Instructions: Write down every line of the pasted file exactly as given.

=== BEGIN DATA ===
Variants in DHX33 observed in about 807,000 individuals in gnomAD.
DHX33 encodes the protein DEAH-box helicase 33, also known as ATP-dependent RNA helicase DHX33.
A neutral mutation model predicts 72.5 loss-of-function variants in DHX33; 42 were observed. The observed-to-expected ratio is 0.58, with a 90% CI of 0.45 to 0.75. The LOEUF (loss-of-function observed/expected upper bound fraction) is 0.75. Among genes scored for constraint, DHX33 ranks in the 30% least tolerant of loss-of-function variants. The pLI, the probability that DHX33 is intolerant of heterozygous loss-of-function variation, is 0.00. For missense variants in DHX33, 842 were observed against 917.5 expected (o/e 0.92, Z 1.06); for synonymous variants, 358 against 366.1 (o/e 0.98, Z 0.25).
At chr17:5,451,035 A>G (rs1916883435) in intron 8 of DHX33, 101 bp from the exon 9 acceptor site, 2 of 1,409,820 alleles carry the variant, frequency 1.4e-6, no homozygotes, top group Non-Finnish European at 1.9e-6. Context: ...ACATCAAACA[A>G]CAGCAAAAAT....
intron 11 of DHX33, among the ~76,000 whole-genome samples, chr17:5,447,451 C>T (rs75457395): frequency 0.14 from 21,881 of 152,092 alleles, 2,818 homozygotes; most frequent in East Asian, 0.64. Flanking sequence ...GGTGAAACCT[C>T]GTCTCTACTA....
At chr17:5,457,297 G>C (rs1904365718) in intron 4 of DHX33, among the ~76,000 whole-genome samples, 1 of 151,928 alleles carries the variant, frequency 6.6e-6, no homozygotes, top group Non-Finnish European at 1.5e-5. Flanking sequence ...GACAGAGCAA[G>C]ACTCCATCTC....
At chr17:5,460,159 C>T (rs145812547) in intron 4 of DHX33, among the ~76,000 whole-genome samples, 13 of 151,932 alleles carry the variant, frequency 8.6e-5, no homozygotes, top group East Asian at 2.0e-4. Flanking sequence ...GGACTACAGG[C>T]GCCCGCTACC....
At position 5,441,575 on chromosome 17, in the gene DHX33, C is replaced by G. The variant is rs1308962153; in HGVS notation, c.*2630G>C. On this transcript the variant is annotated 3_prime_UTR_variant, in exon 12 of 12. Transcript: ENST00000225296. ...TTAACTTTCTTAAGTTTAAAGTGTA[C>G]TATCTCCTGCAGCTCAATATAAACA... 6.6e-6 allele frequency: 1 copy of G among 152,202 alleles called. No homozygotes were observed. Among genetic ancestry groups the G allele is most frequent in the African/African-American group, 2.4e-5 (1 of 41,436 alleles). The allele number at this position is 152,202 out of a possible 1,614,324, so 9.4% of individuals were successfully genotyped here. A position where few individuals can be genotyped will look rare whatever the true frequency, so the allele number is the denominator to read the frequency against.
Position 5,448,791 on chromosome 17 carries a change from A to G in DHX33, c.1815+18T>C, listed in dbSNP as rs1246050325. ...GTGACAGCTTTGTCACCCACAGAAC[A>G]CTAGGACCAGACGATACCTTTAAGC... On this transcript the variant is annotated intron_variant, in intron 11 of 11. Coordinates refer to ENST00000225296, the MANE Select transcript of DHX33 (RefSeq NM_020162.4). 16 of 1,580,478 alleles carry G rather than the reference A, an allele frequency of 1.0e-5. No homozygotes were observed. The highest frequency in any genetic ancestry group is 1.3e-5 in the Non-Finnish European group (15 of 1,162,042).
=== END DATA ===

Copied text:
Variants in DHX33 observed in about 807,000 individuals in gnomAD.
DHX33 encodes the protein DEAH-box helicase 33, also known as ATP-dependent RNA helicase DHX33.
A neutral mutation model predicts 72.5 loss-of-function variants in DHX33; 42 were observed. The observed-to-expected ratio is 0.58, with a 90% CI of 0.45 to 0.75. The LOEUF (loss-of-function observed/expected upper bound fraction) is 0.75. Among genes scored for constraint, DHX33 ranks in the 30% least tolerant of loss-of-function variants. The pLI, the probability that DHX33 is intolerant of heterozygous loss-of-function variation, is 0.00. For missense variants in DHX33, 842 were observed against 917.5 expected (o/e 0.92, Z 1.06); for synonymous variants, 358 against 366.1 (o/e 0.98, Z 0.25).
At chr17:5,451,035 A>G (rs1916883435) in intron 8 of DHX33, 101 bp from the exon 9 acceptor site, 2 of 1,409,820 alleles carry the variant, frequency 1.4e-6, no homozygotes, top group Non-Finnish European at 1.9e-6. Context: ...ACATCAAACA[A>G]CAGCAAAAAT....
intron 11 of DHX33, among the ~76,000 whole-genome samples, chr17:5,447,451 C>T (rs75457395): frequency 0.14 from 21,881 of 152,092 alleles, 2,818 homozygotes; most frequent in East Asian, 0.64. Flanking sequence ...GGTGAAACCT[C>T]GTCTCTACTA....
At chr17:5,457,297 G>C (rs1904365718) in intron 4 of DHX33, among the ~76,000 whole-genome samples, 1 of 151,928 alleles carries the variant, frequency 6.6e-6, no homozygotes, top group Non-Finnish European at 1.5e-5. Flanking sequence ...GACAGAGCAA[G>C]ACTCCATCTC....
At chr17:5,460,159 C>T (rs145812547) in intron 4 of DHX33, among the ~76,000 whole-genome samples, 13 of 151,932 alleles carry the variant, frequency 8.6e-5, no homozygotes, top group East Asian at 2.0e-4. Flanking sequence ...GGACTACAGG[C>T]GCCCGCTACC....
At position 5,441,575 on chromosome 17, in the gene DHX33, C is replaced by G. The variant is rs1308962153; in HGVS notation, c.*2630G>C. On this transcript the variant is annotated 3_prime_UTR_variant, in exon 12 of 12. Transcript: ENST00000225296. ...TTAACTTTCTTAAGTTTAAAGTGTA[C>G]TATCTCCTGCAGCTCAATATAAACA... 6.6e-6 allele frequency: 1 copy of G among 152,202 alleles called. No homozygotes were observed. Among genetic ancestry groups the G allele is most frequent in the African/African-American group, 2.4e-5 (1 of 41,436 alleles). The allele number at this position is 152,202 out of a possible 1,614,324, so 9.4% of individuals were successfully genotyped here. A position where few individuals can be genotyped will look rare whatever the true frequency, so the allele number is the denominator to read the frequency against.
Position 5,448,791 on chromosome 17 carries a change from A to G in DHX33, c.1815+18T>C, listed in dbSNP as rs1246050325. ...GTGACAGCTTTGTCACCCACAGAAC[A>G]CTAGGACCAGACGATACCTTTAAGC... On this transcript the variant is annotated intron_variant, in intron 11 of 11. Coordinates refer to ENST00000225296, the MANE Select transcript of DHX33 (RefSeq NM_020162.4). 16 of 1,580,478 alleles carry G rather than the reference A, an allele frequency of 1.0e-5. No homozygotes were observed. The highest frequency in any genetic ancestry group is 1.3e-5 in the Non-Finnish European group (15 of 1,162,042).